President Erdogan has taken his oath as executive president and appointed his cabinet. The most prominent appointment is the one of his son-in-law Berat Albayrak as Treasury and Finance Minister replacing Mr Simsek and Mr Agbal, who are more investor-friendly but have been completely removed from the new cabinet.

President Erdogan has wasted no time in exercising his consolidated power and has issued a decree removing the clause saying that central bank governors are appointed for five years by cabinet decision, thus allowing him to appoint the central bank governor directly.

Even though it is still not clear whether the new rules will affect current governor Cetinkaya, whose mandate ends in 2021, there is little expectation that the central bank will remain independent or that they will hike rates to stop the overheating of the Turkish economy at their next meeting on 24 July.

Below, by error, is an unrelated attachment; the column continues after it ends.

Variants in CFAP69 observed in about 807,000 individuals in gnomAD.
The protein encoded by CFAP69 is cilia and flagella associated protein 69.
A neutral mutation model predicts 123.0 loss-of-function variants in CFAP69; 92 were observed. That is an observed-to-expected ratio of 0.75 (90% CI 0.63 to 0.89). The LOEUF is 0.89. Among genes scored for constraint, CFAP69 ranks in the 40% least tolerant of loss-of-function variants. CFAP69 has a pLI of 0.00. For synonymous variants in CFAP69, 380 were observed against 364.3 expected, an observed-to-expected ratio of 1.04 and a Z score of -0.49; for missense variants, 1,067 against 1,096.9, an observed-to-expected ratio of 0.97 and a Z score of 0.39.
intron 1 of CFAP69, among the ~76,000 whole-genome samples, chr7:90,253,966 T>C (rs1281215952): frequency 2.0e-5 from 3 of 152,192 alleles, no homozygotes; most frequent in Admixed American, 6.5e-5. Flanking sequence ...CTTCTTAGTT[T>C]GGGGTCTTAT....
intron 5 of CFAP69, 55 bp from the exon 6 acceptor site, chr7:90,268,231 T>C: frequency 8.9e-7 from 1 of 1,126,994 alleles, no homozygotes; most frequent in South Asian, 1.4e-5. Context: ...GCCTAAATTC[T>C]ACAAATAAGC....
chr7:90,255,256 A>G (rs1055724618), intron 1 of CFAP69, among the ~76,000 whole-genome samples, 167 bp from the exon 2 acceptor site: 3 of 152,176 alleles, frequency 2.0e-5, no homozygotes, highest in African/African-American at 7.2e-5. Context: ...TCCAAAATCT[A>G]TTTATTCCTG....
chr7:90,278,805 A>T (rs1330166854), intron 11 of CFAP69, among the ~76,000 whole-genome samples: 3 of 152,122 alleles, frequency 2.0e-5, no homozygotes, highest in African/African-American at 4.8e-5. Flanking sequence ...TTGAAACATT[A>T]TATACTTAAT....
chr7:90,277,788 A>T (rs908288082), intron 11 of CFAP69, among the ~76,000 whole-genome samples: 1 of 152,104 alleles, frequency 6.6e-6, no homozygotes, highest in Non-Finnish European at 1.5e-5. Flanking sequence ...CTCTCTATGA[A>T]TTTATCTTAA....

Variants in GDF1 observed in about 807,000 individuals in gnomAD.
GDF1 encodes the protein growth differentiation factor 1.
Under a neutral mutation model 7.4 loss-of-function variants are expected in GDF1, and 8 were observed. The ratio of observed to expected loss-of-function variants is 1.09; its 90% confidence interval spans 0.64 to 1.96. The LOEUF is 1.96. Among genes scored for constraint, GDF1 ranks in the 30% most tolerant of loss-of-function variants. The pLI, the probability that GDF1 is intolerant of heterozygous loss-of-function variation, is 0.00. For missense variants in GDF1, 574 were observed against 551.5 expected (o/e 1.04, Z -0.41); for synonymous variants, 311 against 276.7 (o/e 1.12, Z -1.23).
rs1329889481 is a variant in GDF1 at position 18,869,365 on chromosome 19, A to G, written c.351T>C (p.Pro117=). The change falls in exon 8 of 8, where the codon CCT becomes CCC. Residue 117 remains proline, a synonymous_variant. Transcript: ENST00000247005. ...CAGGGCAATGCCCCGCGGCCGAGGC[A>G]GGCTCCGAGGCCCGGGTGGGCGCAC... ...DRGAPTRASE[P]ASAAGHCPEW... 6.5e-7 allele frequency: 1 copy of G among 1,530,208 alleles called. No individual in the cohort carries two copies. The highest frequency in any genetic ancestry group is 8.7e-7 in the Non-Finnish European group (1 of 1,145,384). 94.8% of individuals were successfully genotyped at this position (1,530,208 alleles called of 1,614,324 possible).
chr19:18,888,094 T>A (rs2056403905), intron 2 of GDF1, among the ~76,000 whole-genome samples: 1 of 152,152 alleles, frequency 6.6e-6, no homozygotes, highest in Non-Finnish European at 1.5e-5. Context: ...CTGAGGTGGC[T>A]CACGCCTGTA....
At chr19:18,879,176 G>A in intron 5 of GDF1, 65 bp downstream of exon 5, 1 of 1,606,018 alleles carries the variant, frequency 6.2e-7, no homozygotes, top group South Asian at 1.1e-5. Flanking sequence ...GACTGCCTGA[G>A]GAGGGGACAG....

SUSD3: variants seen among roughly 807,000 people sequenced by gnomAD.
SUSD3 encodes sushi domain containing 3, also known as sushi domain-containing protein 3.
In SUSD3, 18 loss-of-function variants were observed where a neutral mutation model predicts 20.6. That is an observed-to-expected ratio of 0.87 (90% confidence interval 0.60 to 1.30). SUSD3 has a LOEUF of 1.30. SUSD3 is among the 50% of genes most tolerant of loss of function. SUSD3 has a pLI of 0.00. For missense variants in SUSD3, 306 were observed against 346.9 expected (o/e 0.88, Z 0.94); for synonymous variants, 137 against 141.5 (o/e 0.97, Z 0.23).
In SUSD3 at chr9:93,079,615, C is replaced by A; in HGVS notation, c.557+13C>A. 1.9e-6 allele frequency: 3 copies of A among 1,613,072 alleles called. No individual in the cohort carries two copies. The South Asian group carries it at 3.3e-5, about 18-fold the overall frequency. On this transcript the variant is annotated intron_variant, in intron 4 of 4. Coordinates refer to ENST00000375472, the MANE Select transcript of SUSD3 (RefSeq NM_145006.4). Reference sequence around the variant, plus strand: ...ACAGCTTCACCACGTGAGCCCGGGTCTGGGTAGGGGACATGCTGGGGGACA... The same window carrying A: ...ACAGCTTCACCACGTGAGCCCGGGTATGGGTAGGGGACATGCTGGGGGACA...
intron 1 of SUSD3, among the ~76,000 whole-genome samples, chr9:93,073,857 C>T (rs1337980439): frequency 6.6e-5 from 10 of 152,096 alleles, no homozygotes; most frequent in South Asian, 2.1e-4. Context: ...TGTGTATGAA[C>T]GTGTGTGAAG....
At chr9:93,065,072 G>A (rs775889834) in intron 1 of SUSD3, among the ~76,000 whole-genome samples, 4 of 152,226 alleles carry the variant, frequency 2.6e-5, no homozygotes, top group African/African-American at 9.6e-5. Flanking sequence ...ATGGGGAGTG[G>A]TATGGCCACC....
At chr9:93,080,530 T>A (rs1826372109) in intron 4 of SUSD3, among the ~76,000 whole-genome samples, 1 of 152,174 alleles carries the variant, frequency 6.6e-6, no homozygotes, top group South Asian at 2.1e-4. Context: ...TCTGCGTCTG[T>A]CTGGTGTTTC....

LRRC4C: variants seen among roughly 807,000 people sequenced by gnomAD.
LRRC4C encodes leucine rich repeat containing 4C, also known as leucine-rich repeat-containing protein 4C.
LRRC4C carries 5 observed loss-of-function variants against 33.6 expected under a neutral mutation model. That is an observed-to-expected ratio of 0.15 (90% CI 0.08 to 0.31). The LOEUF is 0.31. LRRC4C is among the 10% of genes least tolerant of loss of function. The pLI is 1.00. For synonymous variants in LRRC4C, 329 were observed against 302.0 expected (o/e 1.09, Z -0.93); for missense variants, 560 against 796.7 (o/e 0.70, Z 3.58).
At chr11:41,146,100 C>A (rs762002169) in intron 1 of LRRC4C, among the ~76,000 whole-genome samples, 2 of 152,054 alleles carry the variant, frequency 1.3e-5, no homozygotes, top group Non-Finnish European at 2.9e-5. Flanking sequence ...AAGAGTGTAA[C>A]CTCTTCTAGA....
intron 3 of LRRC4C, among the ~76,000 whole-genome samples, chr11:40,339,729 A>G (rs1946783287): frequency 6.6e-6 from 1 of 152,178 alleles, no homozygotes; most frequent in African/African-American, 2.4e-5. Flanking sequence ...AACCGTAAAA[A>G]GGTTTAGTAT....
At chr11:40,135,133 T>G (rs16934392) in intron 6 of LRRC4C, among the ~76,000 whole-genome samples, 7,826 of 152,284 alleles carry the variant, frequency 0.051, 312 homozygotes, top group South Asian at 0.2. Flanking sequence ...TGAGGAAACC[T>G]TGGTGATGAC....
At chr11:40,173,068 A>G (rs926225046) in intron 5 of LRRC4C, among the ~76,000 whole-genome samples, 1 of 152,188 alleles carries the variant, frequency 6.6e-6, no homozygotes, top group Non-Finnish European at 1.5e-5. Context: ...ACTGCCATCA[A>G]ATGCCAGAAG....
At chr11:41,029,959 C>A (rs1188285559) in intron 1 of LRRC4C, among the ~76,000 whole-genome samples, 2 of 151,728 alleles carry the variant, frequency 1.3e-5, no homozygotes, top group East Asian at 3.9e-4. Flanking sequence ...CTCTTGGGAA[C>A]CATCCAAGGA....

Erdogan is an opponent of higher interest rates and is unwilling to implement the necessary structural reforms in Turkey, even though inflation of ca 15 percent remains at a 15-year high and above the central bank’s 5 percent target.

Turkey’s 10-year government local-currency bond has reached a record high yield of 17 percent. We don’t expect the central bank to hike rates at its next meeting on 24 July.

Any opinions expressed here are the author’s own.

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